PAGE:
What adds to this confusing "mystery" is the fact that the author whether purposefully or accidentally uses names interchangeably. What do I mean? I mean for two thirds of the book, perhaps except for one scene of introduction, this character is called "Dad." He is the father of the man Ruth eventually marries. Even after the reader learns that he is behind the embezzlement and that he most definitely is a drunk. And he could have other vices as well. He is still referred to as "Dad." Not unusual, right? But then out of the blue, "McCain" shows up. If you're like me, you're going McCain who???? Where did this guy come from??? Who is he??? What's going on???? But then you either flip to the beginning or read a paragraph or two further and discover that Dad and McCain are the same person. From that time on, she refers to "Dad" as "McCain" about 75 or 80% of the time. All the characters by this point know him to be a villain. Yet there is one chapter close to the end, and after about ten or twenty chapters after "Dad" has only been called "McCain" in the text that he all of a sudden--out of the blue--is "Dad" again. Why this switch back again? Why? Why the switch at all? Why use them interchangeably if it's a stylistic thing???? If McCain is a cold, calculating, distant man who is a murderer, then why refer to him as Dad again once the reader is aware of his true nature. His own daughter now knows him essentially to be an immoral criminal who would not stop short of murder. His son knows the same and is trying to protect the woman he loves. Yet he's "Dad" again. But only for that one chapter. I believe the next chapter sees him as "McCain" again.

So while I don't feel Letter Perfect is a bad book by any means, it left me just a wee bit puzzled. Especially this whole McCain/Dad thing. I tend to think that you should pick a name and stick with it. To bounce back and forth seemingly at random is just confusing. Grant you, I thought it odd that this book told almost 99% through her eyes would have this man, this stranger, be "Dad." So in some ways, it was almost a relief for him to be called something else. But he does make a good villain, I suppose. He was bad to the core and he didn't repent.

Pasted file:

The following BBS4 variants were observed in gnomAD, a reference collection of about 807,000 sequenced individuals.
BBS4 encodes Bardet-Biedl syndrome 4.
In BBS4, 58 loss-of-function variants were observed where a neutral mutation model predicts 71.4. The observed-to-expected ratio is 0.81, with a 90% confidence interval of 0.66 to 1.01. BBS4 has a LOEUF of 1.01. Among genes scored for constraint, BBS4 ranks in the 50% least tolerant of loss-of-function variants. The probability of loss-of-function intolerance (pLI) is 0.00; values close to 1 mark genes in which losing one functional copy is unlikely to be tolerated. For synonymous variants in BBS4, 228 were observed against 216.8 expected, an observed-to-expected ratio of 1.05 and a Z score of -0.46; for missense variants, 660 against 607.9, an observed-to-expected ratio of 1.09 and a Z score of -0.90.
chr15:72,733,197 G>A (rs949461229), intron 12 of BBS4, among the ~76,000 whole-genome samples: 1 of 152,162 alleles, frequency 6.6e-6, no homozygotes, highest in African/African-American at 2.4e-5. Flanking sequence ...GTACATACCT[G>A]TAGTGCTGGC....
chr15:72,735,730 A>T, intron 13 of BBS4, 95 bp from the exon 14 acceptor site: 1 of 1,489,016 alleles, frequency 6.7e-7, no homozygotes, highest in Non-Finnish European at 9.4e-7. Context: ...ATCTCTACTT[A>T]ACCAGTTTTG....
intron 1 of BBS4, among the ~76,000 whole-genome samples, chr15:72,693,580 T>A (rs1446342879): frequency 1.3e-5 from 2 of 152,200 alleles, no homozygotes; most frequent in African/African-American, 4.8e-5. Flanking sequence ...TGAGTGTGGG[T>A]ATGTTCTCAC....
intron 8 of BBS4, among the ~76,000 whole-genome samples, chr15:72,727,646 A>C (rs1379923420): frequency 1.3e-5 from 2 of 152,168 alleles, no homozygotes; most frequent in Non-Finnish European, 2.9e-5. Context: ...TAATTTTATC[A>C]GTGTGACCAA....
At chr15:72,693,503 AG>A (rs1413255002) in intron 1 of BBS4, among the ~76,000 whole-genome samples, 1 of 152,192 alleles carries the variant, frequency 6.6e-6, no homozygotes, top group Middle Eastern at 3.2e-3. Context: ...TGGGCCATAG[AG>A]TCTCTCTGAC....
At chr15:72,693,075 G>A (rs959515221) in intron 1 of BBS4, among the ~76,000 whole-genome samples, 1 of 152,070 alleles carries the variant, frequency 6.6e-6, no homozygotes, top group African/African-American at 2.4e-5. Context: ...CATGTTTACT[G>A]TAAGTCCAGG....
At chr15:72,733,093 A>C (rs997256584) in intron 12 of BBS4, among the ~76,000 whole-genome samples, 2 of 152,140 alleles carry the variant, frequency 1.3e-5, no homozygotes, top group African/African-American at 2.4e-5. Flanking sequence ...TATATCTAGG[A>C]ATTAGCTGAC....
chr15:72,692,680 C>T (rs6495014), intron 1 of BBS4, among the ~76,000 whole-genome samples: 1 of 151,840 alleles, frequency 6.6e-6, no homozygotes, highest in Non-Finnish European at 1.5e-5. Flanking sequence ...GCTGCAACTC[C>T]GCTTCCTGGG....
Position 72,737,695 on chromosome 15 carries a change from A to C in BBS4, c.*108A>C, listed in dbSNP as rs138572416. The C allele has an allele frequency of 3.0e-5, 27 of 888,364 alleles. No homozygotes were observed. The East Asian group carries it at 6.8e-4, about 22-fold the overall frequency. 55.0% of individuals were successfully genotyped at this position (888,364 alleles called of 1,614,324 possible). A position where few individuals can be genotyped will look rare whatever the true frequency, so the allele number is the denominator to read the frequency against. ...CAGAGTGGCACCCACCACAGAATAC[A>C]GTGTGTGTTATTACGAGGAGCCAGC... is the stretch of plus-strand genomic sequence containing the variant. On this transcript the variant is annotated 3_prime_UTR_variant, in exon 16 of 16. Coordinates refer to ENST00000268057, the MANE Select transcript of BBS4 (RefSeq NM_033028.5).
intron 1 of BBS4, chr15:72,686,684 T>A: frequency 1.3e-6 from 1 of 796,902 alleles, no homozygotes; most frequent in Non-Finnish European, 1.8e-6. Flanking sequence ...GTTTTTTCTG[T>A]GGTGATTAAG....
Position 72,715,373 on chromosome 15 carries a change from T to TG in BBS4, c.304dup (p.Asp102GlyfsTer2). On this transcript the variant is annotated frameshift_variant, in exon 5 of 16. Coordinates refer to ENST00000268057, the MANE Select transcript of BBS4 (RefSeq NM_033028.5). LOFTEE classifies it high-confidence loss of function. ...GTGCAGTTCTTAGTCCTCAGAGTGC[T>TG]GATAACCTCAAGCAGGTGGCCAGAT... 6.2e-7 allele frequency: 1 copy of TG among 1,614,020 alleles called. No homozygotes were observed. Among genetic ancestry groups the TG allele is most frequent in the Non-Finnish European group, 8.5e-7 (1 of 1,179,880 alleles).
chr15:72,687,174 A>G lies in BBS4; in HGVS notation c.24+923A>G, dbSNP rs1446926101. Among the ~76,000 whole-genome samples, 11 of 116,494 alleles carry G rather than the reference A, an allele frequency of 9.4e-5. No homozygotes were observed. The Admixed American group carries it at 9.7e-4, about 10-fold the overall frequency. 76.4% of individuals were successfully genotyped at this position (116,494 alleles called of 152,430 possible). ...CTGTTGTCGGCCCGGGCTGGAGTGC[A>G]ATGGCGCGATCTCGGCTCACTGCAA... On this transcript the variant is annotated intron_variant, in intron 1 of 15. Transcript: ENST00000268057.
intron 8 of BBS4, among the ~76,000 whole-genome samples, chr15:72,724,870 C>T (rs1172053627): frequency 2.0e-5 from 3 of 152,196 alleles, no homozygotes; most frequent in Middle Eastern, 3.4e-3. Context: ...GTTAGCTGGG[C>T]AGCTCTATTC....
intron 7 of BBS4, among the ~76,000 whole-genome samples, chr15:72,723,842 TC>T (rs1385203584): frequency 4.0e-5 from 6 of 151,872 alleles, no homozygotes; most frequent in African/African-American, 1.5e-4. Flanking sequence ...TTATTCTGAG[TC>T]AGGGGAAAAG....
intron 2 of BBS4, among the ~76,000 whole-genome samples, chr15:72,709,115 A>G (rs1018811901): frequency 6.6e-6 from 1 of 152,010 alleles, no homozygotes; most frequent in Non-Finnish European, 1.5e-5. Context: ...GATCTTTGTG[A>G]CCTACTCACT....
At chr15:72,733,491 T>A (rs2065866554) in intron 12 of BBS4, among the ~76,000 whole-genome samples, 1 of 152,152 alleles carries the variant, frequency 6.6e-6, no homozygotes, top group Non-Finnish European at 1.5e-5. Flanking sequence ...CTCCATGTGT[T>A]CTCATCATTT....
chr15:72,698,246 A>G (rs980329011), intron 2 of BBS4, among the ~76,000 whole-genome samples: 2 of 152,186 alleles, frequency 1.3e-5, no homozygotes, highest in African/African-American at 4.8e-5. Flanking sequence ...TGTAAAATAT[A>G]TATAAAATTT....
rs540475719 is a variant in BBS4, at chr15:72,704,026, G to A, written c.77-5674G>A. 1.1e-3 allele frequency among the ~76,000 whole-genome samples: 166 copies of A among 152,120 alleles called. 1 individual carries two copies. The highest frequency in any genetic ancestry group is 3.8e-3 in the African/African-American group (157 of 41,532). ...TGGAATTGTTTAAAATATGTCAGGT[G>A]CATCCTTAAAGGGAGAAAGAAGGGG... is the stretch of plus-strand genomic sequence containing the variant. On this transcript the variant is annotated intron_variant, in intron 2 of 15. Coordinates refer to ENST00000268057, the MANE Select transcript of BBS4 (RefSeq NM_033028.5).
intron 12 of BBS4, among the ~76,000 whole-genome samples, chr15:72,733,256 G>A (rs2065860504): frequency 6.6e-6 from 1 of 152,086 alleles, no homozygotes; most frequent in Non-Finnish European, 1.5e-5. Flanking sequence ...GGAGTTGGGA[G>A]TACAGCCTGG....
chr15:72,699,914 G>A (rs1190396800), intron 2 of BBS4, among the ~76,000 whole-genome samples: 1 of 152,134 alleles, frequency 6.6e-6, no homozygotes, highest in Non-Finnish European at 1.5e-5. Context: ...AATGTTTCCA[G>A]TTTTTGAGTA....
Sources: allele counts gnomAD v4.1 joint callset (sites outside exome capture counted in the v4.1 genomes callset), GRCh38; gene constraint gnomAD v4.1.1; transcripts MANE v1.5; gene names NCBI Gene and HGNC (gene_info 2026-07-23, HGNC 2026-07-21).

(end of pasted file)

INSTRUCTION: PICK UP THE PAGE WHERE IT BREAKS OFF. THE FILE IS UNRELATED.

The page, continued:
© Becky Laney of Operation Actually Read Bible

Sunday, August 16, 2009

Sunday salon: Week in Review (August 9-15)

This week...

I finished Luke in the NASB Bible
Read 1 Thessalonians in the NASB Bible
Read 2 Thessalonians in the NASB Bible
Read Titus in the NASB Bible.
Read Philemon in the NASB Bible
Read Hebrews 1-4 in the NASB Bible
Read 2 Samuel 7-10 in the ESV Study Bible

© Becky Laney of Operation Actually Read Bible

Wednesday, August 12, 2009

Book Review: North! Or Be Eaten

Peterson, Andrew. 2009. North! Or Be Eaten. Water Brook. 331 pages.

"Toooothy cow!" bellowed Podo as he whacked a stick against the nearest glipwood tree. The old pirate's eyes blazed, and he stood at the base of the tree like a ship's captain at the mast. "Toothy cow! Quick! Into the tree house!"

North! Or Be Eaten is the sequel to On the Edge of the Dark Sea of Darkness, the second in the Wingfeather Saga by Andrew Peterson. It stars the Igiby children: Janner, Tink, and Leeli. And the adults that love them--their grandfather, Podo, their uncle-friend, Artham (a.k.a. Peet the Sock Man), their mother, Nia, and their bookseller-friend, Oskar N. Reteep. Of course, there are enemies to be found as well. The danger has tripled or even quadrupled in this latest installment: there are the Fangs of Dang, the monsters of Glipwood Forest, the thieving Stranders of the East Bend, and the merciless folks at the 'dreaded' Fork Factory.

If you're a reader of fantasy and like action, adventure, mystery, suspense, and some humor...then this one might suit you well. Though I would definitely recommend starting with the first book. It does require you to suspend your disbelief and engage your imagination. Peterson has created a whole new world--filled it with people and various creatures--including dragons and monsters--and tried to give it a culture all its own.

I can understand and appreciate the family dynamics and relationships. The Wingfeathers (aka, the Igibys) are a complex bunch no question. And our hero, Janner, is well-developed. It's hard not to love such a hero. But it's harder for me to believe, to accept, some of the fantasy elements of this world--the wild creatures, etc. I think this comes easier for some readers than for others. So on the one hand, I cared about these characters and I chose to keep reading because I had to know what happened to them, but I didn't necessarily love the fantasy bits. As an adult, it's really hard to judge at times how well a book is going to work for its intended audience.